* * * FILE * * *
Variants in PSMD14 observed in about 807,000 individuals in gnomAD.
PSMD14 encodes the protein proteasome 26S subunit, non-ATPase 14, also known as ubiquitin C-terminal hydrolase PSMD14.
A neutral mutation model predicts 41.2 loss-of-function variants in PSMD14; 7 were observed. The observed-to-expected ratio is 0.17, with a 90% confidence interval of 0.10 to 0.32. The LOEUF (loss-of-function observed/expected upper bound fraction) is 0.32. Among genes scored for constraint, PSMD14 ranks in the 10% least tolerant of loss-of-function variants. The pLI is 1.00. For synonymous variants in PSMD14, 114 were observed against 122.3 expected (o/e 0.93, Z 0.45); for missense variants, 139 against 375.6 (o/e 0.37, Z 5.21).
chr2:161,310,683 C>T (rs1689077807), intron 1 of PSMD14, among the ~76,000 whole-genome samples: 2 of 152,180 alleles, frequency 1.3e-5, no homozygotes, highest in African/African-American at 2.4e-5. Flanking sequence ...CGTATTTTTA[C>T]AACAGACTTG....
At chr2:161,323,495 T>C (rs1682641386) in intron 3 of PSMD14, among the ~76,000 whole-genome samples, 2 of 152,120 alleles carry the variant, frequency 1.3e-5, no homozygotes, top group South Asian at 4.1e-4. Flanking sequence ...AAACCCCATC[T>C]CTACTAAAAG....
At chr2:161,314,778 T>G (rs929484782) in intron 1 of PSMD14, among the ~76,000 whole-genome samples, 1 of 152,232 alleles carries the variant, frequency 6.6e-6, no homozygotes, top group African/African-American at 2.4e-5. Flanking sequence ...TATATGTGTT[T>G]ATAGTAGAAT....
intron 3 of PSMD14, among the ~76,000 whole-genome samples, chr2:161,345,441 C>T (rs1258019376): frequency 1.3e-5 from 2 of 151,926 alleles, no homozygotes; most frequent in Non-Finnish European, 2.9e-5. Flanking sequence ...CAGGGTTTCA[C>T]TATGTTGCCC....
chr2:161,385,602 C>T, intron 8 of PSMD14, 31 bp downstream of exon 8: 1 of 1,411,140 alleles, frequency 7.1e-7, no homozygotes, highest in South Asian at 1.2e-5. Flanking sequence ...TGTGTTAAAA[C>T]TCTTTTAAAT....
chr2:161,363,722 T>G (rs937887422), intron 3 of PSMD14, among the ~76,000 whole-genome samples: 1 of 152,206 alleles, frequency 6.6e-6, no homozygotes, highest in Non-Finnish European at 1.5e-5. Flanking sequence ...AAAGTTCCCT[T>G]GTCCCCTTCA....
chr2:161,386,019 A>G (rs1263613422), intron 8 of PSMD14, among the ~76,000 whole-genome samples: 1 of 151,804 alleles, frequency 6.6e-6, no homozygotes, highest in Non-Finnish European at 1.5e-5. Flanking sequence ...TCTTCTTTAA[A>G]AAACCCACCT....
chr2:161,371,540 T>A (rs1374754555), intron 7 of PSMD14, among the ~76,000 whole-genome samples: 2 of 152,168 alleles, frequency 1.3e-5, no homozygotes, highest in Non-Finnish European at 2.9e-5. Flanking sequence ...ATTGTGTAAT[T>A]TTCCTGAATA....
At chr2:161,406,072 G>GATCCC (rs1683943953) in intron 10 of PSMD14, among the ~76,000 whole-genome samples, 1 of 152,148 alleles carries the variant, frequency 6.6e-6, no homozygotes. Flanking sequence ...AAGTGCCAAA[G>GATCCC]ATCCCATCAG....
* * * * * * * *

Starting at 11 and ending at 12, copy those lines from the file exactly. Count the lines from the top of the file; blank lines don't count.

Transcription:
chr2:161,371,540 T>A (rs1374754555), intron 7 of PSMD14, among the ~76,000 whole-genome samples: 2 of 152,168 alleles, frequency 1.3e-5, no homozygotes, highest in Non-Finnish European at 2.9e-5. Flanking sequence ...ATTGTGTAAT[T>A]TTCCTGAATA....
At chr2:161,406,072 G>GATCCC (rs1683943953) in intron 10 of PSMD14, among the ~76,000 whole-genome samples, 1 of 152,148 alleles carries the variant, frequency 6.6e-6, no homozygotes. Flanking sequence ...AAGTGCCAAA[G>GATCCC]ATCCCATCAG....